Rodin--Gates of Hell

Gericault--Passage du Saint Bernard

House post from Native Americans in Canada

Rodin--Bust of Victor Hugo

Rodin--Iris Awakening a Nymph

Rodin--The Kiss

Emile Auguste Carolus-Duran--Leland Stanford, Jr.

Medallion of General Bonapart

Rodin--Three Shades

China tea pot

Friday, November 9, 2012

Boston Museum of Fine Arts

Me and Julia stopped by this museum when we were out visiting Boston together.  I think at this point in our day we were pretty tired, and weren't super interested in a lot of the stuff, though it is pretty neat.  I think we enjoyed other Boston-y things a lot more than the museum, but it's still cool.

Here's the good stuff:

Bishandas--Birth of a Prince

Head of King Tut

 Renoir--Dance at Bougival

Sully--Passage of Delaware


Head of Aphrodite

Cezanne--Madame Cezanne in Red Armchair

Van Gogh--Portrait of a Post Man

Emperor Huizong--Ladies Making Silk

Dragon Ascending the Heavens

Under the Wave off Kanagawa

Monday, November 5, 2012

Museo Nacional de Bellas Artes de Buenos Aires

I went to this museum on P-Day on my mission.  Honestly the only thing that I actually remember from the museum was Rodin's Kiss, which from that instant became my favorite sculpture of all time.

The rest of the paintings though didn't really impact me all that much.  I do remember seeing a lot of famous names, and being awed by the fact that I was actually seeing stuff by famous people, but I can't say I loved the paintings all that much.  I did like a lot of nature pieces, which I found out later where mostly done by Pueyrredon:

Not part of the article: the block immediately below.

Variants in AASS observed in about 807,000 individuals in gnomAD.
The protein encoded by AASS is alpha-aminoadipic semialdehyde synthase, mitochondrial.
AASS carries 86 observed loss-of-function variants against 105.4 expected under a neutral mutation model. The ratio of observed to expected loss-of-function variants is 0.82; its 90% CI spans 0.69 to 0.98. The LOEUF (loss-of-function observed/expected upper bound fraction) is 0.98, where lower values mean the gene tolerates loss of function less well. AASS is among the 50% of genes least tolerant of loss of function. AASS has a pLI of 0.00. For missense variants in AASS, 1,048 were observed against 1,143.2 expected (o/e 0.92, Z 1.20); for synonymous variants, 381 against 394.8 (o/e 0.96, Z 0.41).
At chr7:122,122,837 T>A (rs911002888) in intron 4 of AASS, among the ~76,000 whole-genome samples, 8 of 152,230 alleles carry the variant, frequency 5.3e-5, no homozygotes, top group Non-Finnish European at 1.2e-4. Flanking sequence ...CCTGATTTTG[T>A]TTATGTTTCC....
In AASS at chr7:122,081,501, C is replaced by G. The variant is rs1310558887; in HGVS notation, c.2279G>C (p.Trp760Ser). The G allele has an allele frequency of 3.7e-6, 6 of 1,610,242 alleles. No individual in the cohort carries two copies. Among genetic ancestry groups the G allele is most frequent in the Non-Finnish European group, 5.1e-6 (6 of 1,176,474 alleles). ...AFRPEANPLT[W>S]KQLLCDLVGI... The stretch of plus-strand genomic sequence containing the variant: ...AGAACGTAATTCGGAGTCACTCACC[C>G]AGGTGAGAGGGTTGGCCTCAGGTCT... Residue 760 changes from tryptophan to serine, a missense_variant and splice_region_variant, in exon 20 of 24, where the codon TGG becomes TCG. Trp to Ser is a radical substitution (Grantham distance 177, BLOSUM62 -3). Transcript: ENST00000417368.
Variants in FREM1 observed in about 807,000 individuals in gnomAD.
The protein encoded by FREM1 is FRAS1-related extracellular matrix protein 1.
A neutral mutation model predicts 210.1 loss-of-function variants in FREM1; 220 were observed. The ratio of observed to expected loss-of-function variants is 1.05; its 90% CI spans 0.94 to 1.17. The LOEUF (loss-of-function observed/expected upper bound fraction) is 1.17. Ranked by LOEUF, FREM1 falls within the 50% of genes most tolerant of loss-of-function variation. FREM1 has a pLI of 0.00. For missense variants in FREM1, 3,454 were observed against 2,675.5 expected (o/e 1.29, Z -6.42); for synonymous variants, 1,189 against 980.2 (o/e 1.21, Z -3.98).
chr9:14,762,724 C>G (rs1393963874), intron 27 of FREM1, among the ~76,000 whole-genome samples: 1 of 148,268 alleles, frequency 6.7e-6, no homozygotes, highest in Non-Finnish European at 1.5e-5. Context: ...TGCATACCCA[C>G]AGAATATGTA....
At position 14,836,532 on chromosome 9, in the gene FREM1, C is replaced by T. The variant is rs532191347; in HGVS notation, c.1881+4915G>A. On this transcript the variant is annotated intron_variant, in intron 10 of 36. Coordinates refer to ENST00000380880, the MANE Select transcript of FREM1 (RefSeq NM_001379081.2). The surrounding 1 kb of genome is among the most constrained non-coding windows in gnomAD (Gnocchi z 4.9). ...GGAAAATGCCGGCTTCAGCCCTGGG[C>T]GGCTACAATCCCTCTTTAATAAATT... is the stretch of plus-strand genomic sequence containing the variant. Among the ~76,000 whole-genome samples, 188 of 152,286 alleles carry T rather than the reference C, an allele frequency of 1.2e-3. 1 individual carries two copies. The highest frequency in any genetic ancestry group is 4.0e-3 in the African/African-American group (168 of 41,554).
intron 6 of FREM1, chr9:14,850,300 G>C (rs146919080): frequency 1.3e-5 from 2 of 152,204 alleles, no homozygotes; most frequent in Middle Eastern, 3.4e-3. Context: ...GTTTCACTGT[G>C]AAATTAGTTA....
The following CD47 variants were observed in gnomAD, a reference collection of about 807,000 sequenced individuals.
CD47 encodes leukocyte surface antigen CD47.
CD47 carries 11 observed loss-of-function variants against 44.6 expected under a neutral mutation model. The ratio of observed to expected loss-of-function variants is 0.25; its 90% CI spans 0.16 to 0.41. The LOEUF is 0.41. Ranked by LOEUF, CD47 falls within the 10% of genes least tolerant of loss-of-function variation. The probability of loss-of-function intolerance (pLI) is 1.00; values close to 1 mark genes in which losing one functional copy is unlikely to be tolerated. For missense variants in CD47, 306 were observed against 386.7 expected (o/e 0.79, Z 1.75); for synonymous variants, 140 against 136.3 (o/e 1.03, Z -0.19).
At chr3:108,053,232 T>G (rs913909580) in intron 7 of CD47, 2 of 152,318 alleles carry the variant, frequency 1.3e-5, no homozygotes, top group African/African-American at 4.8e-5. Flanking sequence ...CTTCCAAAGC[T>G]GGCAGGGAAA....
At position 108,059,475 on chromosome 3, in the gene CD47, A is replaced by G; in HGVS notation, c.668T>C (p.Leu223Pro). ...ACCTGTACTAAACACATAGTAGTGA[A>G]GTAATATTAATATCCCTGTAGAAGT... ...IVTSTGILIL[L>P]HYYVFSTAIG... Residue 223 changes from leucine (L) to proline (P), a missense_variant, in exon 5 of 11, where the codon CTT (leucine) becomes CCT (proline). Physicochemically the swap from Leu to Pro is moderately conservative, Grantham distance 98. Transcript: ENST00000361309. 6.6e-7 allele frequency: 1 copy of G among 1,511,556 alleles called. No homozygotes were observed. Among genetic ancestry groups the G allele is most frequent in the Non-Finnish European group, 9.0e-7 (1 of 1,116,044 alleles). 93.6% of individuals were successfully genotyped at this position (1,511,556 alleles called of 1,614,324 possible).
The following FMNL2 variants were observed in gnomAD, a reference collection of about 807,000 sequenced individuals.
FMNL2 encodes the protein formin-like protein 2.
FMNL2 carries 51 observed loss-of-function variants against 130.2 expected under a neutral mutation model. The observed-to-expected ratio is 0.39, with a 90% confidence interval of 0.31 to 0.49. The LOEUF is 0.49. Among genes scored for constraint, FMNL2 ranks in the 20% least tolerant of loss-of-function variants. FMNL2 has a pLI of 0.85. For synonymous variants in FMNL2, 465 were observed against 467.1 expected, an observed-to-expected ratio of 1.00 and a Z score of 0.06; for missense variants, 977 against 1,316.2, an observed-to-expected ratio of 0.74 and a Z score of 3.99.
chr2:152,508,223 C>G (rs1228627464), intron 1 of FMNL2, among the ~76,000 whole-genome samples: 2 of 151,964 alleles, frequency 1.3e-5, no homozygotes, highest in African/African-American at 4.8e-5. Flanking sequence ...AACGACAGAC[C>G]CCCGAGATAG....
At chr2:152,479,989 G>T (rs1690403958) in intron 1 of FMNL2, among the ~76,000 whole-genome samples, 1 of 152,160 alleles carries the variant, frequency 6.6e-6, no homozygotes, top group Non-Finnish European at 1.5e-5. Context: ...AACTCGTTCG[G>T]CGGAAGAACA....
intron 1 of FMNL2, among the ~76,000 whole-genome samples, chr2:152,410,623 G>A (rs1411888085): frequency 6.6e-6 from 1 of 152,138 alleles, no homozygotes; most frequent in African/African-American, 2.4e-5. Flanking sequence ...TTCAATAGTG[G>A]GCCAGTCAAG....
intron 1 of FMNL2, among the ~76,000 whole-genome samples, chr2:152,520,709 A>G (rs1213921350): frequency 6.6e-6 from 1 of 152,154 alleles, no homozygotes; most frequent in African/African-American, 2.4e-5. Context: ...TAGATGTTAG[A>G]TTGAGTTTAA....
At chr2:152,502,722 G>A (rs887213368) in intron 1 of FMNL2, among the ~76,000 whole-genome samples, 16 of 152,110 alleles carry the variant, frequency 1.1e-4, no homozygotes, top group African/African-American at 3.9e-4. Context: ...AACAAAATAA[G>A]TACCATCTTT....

Bosque de Palermo

Costa del Rio de la Plata

Paisaje (Suiza)

Paisaje de la Costa (San Isidro)

Manuelita Rosas

Malharro also had some nature scenes that were enjoyable, Paisaje and Las Parvas

The rest of these are by famous people that I probably should have cared more about:

Degas--Deux dauseuses jaunes et rosa

Courbet--Julieta Courbet a la edad de 10 anos

Van Gogh--Le Moulin de la Galette

Pisano--Santa Conversacion

Gauguin--Woman by the Sea

Rubens--Sagrada Familia con Santa Isabel

Manet--Surprised Nymph

Carcova--Naturaleza en silencio

Gallaria Dell'Accademia in Venice

This was one of my favorite museums!  It actually didn't have any really famous pieces or anything, but there were so many amazing paintings in this museum.  I actually can't even remember most of my favorites, and because they weren't big or important I can't find them on the internet.  But here are a few things I could find on the internet that I did see:

Tintoretto--Miracolo di San Marco


Da Vinci--Study for Madonna with Yarnwinder

Da Vinci--Vetruvian Man

Memling--Portrait of a Young Man

Mantegna--San Giorgio

Veronese--Cena nella Casa di Levi

Brera Museum in Milan and Capitoline Museum in Rome

The Brera Museum in Milan was really quite lovely.  Not a big name museum necessarily, but it had quite a few great pieces:

Caravaggio--Supper at Emmaus

Raphael--Marriage of the Virgin

Mantegna--Lamentation of Christ

Hayez--The Kiss

Rubens--Last Supper

The Capitoline Museum in Rome had mostly sculptures, but they were great!


She Wolf of Rome

Dying Gual


Head of Augustus

Marcus Aurelius